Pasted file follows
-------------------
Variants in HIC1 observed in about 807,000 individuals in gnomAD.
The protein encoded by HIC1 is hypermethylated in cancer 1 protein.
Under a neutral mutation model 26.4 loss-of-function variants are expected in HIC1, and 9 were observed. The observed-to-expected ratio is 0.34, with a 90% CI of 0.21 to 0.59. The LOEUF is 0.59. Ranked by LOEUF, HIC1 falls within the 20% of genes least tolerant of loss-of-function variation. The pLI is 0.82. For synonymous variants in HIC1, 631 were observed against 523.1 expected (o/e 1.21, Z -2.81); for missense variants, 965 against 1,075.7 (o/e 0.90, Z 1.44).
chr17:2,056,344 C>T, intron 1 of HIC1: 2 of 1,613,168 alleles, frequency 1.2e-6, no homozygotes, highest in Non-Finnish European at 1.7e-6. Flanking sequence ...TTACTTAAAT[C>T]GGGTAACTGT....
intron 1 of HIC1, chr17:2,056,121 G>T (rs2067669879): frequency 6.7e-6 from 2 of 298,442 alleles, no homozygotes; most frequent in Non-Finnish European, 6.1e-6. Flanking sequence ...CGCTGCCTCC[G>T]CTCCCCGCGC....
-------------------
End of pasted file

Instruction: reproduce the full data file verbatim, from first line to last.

Variants in HIC1 observed in about 807,000 individuals in gnomAD.
The protein encoded by HIC1 is hypermethylated in cancer 1 protein.
Under a neutral mutation model 26.4 loss-of-function variants are expected in HIC1, and 9 were observed. The observed-to-expected ratio is 0.34, with a 90% CI of 0.21 to 0.59. The LOEUF is 0.59. Ranked by LOEUF, HIC1 falls within the 20% of genes least tolerant of loss-of-function variation. The pLI is 0.82. For synonymous variants in HIC1, 631 were observed against 523.1 expected (o/e 1.21, Z -2.81); for missense variants, 965 against 1,075.7 (o/e 0.90, Z 1.44).
chr17:2,056,344 C>T, intron 1 of HIC1: 2 of 1,613,168 alleles, frequency 1.2e-6, no homozygotes, highest in Non-Finnish European at 1.7e-6. Flanking sequence ...TTACTTAAAT[C>T]GGGTAACTGT....
intron 1 of HIC1, chr17:2,056,121 G>T (rs2067669879): frequency 6.7e-6 from 2 of 298,442 alleles, no homozygotes; most frequent in Non-Finnish European, 6.1e-6. Flanking sequence ...CGCTGCCTCC[G>T]CTCCCCGCGC....